In 2017, reporters Anne Helen Petersen and Charlie Warzel moved from New York City to Missoula, Mont., and started asking some existential questions. The couple—who both wrote for BuzzFeed at the time—were working from home and began to feel like something was fundamentally off about the remote work bargain. Why, in our own homes, are we expected to structure our lives around office norms if they don’t even make us more productive? Why are we beholden to working 40 hours a week if we’d deliver better results in 30? Why are all these tools meant to enable communication starting to feel more like surveillance? When the pandemic plunged millions into the quagmire of working from home, Warzel and Petersen realized we were at a cultural inflection point. Their new book, Out of Office, explores what comes next. Here, Warzel and Petersen explain why we should be talking about how we work, not just where.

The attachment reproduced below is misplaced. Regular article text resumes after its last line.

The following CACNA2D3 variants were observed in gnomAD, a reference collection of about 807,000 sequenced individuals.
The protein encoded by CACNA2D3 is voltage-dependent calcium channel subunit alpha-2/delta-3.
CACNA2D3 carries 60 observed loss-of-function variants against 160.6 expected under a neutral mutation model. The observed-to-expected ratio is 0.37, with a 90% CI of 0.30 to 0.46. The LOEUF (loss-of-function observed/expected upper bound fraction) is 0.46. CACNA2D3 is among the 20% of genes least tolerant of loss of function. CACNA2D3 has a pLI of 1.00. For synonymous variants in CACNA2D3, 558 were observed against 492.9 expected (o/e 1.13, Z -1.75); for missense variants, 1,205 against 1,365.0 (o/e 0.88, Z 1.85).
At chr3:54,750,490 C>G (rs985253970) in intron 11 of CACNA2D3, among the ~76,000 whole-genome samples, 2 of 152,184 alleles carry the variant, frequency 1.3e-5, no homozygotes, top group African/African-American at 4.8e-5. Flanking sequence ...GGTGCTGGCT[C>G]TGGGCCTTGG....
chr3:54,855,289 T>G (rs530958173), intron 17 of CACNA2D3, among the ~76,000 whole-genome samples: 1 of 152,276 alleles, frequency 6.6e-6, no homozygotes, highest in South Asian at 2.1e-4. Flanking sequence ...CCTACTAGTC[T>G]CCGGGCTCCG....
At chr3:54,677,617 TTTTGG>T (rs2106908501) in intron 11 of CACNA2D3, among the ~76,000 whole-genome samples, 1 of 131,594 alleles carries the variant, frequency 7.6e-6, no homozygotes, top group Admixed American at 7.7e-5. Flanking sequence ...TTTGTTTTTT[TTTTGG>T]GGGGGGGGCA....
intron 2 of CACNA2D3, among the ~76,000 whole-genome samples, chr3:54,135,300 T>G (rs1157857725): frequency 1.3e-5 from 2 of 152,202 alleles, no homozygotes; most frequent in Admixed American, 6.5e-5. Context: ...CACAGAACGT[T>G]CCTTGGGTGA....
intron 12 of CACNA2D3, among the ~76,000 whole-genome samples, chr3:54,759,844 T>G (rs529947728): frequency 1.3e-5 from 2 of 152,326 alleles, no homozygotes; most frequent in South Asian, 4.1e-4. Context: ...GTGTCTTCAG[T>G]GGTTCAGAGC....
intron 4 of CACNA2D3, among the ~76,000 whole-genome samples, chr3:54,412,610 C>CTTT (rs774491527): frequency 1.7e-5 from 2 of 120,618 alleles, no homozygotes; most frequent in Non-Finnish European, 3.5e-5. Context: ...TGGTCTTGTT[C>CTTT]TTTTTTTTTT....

“Flexibility” was the great promise of remote work, but many employees feel even more pressure to perform when working at home— racing to respond to emails and Slacks, proving they’re always “on.” Why does it all feel so unsatisfactory?
PETERSEN: Terms like flexibility and culture came up a lot while researching the book. It was a breakthrough when I realized that the way companies conceive of these ideas is so different from the way individuals understand them. Historically, companies have described remote or hybrid work as “flexible,” which sounds very positive. But really, it’s been used to talk about making life much more precarious for the worker in favor of corporate profits. We’re not saying this should switch altogether. If the corporation never benefits, there’s no corporation. But how can these concepts benefit the corporation and the employee?
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